Son of Holocaust survivors. Libeskind was born in the Polish city of Łódź, the second child of survivors of the Nazi regime. In his youth, he was an accordion virtuoso, to which appearances on Polish television testify. In 1957, his family moved to a kibbutz in Israel, where he was taught the virtues of a life in accordance with nature. Later in his career, Libeskind would make his name as an advocate of “green architecture.” In 1958, the Libeskind family moved to New York. Under the mentorship of star architect Richard Meier, Libeskind embarked on his own career, a path that would lead him to become one of the leading architects of his time. Apart from the masterplan for Ground Zero 42, Studio Libeskind realized monumental projects that included the New Academy of the Jewish Museum in Berlin, the London Metropolitan University, the MGM Mirage City Center in Las Vegas and the National Holocaust Museum in Ottawa, Canada. One of his most recent projects is an apartment complex in the Bedford-Stuyvesant district in Brooklyn. Oversized pictures of all these architectural masterpieces adorn the walls of Libeskind’s open plane office in New York. The day of OOOM’s visit, Libeskind exudes energy, is full of life. His reaction to compliments is modest: “Well, you know, it’s probably because all this is not work for me, this is what I love to do.” Then he asks us into his library, a room lined with shelves stacked with hundreds of volumes of all genres.
New York City has one of the most famous skylines in the world. What impresses you, as an architect, most about it?
It’s strange that this beautiful skyline is a product of money. Purely of capitalism. When Louis Sullivan, the father of American architecture, came to New York in 1900, he said: “The only god that is worshipped in New York is Mammon, the god of money.” And nothing has changed since. Everything is dense, space is scarce, we are on an island. And constructions were not aestheticized, with the exception of some beautiful bridges, or, for example, the Chrysler building: the head of this building was added after construction was finished, a kind of surprise, to give it a symbolic quality.
When it comes to modern, daring architecture, New York was long lagging behind other global metropolis. That has changed more recently.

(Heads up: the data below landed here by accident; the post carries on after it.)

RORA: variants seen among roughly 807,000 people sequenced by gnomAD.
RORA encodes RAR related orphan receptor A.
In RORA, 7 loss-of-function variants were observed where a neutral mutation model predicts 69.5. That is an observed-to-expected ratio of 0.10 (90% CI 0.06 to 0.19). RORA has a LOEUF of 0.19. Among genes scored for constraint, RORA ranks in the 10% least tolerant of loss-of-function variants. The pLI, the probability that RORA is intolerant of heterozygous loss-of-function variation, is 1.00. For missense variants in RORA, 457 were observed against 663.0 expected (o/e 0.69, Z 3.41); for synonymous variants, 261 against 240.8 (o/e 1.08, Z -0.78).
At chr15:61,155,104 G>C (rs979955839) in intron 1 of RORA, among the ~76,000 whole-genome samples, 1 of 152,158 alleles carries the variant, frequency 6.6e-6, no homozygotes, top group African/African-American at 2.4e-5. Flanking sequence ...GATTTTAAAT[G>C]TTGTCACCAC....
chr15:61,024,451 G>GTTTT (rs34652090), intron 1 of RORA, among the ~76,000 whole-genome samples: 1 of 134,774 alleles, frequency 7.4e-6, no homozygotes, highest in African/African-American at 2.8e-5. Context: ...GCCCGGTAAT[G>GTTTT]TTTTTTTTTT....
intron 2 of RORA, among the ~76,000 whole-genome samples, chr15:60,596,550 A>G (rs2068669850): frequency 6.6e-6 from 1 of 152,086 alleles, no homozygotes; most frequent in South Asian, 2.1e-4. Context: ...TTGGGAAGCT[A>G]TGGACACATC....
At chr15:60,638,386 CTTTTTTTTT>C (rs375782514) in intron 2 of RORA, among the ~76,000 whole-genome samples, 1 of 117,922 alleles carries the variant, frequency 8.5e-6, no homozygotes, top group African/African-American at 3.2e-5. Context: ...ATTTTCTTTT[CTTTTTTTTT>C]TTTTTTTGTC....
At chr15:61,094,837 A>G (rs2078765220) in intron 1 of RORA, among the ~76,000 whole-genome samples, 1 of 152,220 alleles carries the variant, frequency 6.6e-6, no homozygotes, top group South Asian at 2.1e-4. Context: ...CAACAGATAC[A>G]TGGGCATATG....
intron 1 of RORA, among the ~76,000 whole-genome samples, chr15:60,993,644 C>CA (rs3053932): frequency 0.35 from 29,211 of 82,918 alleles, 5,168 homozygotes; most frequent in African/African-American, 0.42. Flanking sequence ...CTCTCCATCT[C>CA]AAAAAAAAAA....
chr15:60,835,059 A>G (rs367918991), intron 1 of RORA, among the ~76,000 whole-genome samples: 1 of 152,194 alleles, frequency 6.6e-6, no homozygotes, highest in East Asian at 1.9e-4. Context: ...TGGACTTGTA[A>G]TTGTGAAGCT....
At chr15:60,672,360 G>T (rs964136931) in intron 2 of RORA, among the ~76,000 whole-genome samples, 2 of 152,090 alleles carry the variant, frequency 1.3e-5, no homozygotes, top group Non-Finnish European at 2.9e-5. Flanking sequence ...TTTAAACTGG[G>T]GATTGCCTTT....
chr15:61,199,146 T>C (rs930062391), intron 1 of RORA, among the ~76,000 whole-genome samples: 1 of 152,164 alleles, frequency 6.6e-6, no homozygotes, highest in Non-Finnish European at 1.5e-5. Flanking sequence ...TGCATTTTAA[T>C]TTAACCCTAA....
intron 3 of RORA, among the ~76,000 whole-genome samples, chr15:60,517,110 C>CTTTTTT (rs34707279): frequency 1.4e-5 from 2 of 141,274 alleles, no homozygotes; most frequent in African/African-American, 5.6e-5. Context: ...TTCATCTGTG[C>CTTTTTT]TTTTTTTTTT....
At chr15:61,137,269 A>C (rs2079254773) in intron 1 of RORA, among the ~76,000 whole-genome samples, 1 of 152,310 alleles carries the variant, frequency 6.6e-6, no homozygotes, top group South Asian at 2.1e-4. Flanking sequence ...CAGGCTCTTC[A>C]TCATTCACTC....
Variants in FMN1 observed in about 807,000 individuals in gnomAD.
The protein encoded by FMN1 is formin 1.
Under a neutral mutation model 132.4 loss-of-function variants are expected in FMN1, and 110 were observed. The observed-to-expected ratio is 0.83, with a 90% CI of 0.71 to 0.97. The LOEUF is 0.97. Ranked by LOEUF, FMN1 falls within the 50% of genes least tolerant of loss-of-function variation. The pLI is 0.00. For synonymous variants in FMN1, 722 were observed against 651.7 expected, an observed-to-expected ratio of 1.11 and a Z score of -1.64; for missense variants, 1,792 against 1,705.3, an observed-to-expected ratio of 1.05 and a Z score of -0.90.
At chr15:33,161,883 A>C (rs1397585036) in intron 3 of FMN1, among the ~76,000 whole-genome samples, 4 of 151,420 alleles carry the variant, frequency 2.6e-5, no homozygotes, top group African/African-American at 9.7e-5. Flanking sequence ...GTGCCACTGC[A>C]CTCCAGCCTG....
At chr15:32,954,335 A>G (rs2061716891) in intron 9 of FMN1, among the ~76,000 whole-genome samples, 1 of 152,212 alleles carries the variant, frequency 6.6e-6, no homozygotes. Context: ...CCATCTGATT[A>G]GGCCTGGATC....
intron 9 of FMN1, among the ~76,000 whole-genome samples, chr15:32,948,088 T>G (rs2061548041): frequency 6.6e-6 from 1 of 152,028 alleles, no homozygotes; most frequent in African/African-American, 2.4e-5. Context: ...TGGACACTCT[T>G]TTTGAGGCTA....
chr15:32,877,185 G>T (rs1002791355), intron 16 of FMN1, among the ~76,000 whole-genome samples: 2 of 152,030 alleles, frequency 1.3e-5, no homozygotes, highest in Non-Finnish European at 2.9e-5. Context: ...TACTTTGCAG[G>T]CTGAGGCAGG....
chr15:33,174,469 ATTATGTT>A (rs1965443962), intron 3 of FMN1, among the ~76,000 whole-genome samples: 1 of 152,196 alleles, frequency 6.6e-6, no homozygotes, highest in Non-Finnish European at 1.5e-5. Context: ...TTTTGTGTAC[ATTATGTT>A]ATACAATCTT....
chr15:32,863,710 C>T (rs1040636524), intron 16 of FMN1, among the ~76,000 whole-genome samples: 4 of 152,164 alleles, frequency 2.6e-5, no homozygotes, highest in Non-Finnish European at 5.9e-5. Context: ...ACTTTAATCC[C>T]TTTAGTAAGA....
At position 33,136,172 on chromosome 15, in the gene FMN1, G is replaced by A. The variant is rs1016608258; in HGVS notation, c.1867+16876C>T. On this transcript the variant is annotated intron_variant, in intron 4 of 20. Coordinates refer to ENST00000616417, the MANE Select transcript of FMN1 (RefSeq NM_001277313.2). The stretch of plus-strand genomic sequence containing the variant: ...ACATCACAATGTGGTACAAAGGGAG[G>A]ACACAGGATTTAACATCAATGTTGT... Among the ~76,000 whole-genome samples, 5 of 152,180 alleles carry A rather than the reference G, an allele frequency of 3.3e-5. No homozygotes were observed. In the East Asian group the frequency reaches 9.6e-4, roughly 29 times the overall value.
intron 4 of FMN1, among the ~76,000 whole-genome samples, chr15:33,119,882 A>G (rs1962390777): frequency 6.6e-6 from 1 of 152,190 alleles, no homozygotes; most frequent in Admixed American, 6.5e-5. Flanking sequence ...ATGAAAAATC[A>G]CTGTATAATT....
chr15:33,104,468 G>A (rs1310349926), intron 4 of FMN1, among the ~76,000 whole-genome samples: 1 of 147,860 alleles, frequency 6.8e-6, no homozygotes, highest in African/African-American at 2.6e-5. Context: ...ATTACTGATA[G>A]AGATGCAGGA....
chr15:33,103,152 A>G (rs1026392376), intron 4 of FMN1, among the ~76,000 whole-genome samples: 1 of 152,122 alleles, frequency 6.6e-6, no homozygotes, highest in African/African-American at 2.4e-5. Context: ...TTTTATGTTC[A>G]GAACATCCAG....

I don’t want to toot my own horn, but Ground Zero ushered in a new era of functional, ecologically sustainable architecture in this city. It is not something you see from the outside, but those buildings are really advanced in terms of reducing the carbon footprint. For the first time, we are beginning to see architectural innovation in New York.
What are your thoughts on the so-called billionaire’s towers, those extremely high skyscrapers built for the richest people in the world?
They are what they are, and I think people are right. The only thing that drives those constructions is speculation, and that’s not a great way to design a city. But again: this is the nature of this island. It’s all about money. An unlike in European cities, buildings tend to grow higher and faster. There is a huge momentum.
How much of your original design for the “One World Trade Center” complex has survived into the construction phase?
Almost all of it. The size and height of the towers, their positions and outline. The footprints of the fallen towers, the waterfalls. And the fundament below the complex. There were many controversies, but when I pass the site now—I walk by it every day on my way to work—I am proud.
What are the biggest challenges in architecture today?
The biggest challenge in the world right now is how to reconcile the growing gap between the rich and the poor—and that challenge also encompasses architecture. To have a democratic city, you need citizens to participate and have equal access. It starts with affordable housing, access to public spaces.
By the way, Ground Zero is the biggest public space ever created in New York. And then of course there are global ecological challenges. How can we build smart buildings that save energy and where recycling is utilized? I called my original design for Freedom Tower “Gardens of the World,” and I envisioned gardens on every level. Now that has become a trend: the integration of nature into buildings.
Urban spaces are thriving, growing at a fast pace in many parts of the world. Do you think this trend will continue?
Yes, and it will accelerate. Cities were created out of the impulse to be with other people.